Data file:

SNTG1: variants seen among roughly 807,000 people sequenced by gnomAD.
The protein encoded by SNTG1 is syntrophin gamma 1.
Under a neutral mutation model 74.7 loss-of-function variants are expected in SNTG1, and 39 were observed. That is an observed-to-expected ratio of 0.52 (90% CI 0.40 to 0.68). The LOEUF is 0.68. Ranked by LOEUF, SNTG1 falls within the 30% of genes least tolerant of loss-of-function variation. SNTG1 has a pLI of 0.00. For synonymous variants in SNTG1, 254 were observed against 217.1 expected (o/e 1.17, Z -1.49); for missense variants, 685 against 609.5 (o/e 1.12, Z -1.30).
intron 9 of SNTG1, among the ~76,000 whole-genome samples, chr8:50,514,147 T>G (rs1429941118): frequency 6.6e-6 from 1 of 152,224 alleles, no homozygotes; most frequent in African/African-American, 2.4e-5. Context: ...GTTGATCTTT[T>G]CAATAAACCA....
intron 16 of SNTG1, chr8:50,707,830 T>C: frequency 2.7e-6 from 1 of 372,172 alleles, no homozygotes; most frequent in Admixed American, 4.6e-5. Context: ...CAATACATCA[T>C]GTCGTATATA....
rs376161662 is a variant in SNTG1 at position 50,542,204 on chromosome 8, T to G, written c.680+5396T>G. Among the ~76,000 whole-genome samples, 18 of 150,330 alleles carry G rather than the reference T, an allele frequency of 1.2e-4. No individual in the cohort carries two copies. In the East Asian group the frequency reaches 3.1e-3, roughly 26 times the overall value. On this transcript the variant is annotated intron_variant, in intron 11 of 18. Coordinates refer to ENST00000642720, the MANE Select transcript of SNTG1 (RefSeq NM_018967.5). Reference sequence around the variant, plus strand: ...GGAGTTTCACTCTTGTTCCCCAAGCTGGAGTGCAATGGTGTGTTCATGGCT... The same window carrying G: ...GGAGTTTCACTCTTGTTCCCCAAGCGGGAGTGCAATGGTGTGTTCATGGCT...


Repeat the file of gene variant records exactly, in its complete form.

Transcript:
SNTG1: variants seen among roughly 807,000 people sequenced by gnomAD.
The protein encoded by SNTG1 is syntrophin gamma 1.
Under a neutral mutation model 74.7 loss-of-function variants are expected in SNTG1, and 39 were observed. That is an observed-to-expected ratio of 0.52 (90% CI 0.40 to 0.68). The LOEUF is 0.68. Ranked by LOEUF, SNTG1 falls within the 30% of genes least tolerant of loss-of-function variation. SNTG1 has a pLI of 0.00. For synonymous variants in SNTG1, 254 were observed against 217.1 expected (o/e 1.17, Z -1.49); for missense variants, 685 against 609.5 (o/e 1.12, Z -1.30).
intron 9 of SNTG1, among the ~76,000 whole-genome samples, chr8:50,514,147 T>G (rs1429941118): frequency 6.6e-6 from 1 of 152,224 alleles, no homozygotes; most frequent in African/African-American, 2.4e-5. Context: ...GTTGATCTTT[T>G]CAATAAACCA....
intron 16 of SNTG1, chr8:50,707,830 T>C: frequency 2.7e-6 from 1 of 372,172 alleles, no homozygotes; most frequent in Admixed American, 4.6e-5. Context: ...CAATACATCA[T>C]GTCGTATATA....
rs376161662 is a variant in SNTG1 at position 50,542,204 on chromosome 8, T to G, written c.680+5396T>G. Among the ~76,000 whole-genome samples, 18 of 150,330 alleles carry G rather than the reference T, an allele frequency of 1.2e-4. No individual in the cohort carries two copies. In the East Asian group the frequency reaches 3.1e-3, roughly 26 times the overall value. On this transcript the variant is annotated intron_variant, in intron 11 of 18. Coordinates refer to ENST00000642720, the MANE Select transcript of SNTG1 (RefSeq NM_018967.5). Reference sequence around the variant, plus strand: ...GGAGTTTCACTCTTGTTCCCCAAGCTGGAGTGCAATGGTGTGTTCATGGCT... The same window carrying G: ...GGAGTTTCACTCTTGTTCCCCAAGCGGGAGTGCAATGGTGTGTTCATGGCT...